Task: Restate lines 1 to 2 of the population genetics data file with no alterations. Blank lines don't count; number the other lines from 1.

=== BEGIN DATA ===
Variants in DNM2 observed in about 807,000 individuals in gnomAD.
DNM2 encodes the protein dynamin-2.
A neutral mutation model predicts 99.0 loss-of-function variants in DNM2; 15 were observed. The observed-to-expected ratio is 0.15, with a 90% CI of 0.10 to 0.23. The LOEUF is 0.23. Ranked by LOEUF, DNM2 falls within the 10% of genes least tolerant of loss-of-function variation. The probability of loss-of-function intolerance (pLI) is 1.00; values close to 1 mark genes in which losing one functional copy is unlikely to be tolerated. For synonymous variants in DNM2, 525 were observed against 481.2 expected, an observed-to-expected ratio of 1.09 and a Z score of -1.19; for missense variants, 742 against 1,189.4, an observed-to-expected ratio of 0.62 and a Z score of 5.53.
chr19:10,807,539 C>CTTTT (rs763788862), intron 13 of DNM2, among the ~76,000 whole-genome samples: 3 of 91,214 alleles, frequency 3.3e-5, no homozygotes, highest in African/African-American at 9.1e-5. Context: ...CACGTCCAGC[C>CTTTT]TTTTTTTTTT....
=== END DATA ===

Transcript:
Variants in DNM2 observed in about 807,000 individuals in gnomAD.
DNM2 encodes the protein dynamin-2.